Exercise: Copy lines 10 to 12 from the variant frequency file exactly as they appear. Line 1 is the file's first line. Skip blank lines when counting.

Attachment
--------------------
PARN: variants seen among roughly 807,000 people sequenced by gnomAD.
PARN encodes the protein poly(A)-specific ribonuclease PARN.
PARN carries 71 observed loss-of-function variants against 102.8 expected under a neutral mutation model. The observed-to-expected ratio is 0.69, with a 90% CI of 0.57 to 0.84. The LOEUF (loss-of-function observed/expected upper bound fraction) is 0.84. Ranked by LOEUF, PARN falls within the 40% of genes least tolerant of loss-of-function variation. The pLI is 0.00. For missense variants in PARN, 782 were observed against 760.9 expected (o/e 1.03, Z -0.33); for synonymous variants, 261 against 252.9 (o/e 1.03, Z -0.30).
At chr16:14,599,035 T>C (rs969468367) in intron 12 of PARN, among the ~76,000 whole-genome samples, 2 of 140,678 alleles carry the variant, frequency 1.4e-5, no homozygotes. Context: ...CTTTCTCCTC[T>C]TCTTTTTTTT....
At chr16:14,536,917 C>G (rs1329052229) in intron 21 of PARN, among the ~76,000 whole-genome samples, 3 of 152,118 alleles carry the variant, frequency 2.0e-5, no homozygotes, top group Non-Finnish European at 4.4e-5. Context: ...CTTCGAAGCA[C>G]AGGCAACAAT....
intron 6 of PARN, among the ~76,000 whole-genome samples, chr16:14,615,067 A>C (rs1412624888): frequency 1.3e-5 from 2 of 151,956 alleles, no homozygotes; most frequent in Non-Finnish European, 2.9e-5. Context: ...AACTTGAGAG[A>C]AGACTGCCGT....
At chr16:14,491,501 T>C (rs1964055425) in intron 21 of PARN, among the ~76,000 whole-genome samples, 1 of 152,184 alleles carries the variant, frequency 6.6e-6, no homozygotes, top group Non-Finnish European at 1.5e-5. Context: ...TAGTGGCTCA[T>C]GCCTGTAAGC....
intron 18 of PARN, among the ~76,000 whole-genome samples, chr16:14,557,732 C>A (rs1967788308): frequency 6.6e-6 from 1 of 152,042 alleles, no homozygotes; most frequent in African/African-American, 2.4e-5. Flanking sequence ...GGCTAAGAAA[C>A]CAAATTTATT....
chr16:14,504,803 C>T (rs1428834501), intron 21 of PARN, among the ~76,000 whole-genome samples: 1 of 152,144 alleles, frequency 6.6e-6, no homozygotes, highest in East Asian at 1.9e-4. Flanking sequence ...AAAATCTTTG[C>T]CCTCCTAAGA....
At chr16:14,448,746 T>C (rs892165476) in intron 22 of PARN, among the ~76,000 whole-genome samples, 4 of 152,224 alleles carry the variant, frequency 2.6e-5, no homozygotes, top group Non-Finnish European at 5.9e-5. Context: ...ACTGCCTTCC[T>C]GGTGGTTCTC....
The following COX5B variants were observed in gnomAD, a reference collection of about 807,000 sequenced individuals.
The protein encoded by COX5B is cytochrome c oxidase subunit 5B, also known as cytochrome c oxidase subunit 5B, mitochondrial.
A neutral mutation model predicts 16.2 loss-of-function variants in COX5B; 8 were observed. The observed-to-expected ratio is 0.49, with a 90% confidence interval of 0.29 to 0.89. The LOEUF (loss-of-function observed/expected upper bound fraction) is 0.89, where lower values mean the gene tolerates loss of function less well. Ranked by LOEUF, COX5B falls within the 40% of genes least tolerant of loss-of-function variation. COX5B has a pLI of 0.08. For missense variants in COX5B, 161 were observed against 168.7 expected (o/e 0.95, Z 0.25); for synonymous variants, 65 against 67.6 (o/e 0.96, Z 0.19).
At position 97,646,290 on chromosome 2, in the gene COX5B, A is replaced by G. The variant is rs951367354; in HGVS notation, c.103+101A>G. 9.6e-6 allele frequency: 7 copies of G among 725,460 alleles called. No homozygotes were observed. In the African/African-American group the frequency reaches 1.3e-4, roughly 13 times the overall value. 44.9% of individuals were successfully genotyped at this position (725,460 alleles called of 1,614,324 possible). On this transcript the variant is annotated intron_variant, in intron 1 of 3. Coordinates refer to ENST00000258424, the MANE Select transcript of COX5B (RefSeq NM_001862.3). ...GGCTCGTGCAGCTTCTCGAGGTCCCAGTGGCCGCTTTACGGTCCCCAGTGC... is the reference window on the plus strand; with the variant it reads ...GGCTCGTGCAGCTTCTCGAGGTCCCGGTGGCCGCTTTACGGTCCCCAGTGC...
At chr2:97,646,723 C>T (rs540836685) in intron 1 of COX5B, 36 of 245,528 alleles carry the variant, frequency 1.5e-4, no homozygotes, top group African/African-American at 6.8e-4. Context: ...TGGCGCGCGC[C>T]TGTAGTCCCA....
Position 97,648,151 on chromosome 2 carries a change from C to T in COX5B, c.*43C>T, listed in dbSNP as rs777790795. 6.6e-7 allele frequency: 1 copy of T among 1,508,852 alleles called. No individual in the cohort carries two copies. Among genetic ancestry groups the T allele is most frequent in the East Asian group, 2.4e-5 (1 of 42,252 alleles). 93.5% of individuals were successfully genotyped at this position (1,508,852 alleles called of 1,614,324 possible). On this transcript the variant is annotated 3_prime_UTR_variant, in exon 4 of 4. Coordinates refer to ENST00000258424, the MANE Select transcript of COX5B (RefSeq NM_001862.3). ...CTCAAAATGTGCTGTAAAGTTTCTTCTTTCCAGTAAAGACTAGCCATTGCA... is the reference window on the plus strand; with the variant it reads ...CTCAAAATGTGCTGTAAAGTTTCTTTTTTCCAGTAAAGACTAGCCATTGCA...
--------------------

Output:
At chr16:14,448,746 T>C (rs892165476) in intron 22 of PARN, among the ~76,000 whole-genome samples, 4 of 152,224 alleles carry the variant, frequency 2.6e-5, no homozygotes, top group Non-Finnish European at 5.9e-5. Context: ...ACTGCCTTCC[T>C]GGTGGTTCTC....
The following COX5B variants were observed in gnomAD, a reference collection of about 807,000 sequenced individuals.
The protein encoded by COX5B is cytochrome c oxidase subunit 5B, also known as cytochrome c oxidase subunit 5B, mitochondrial.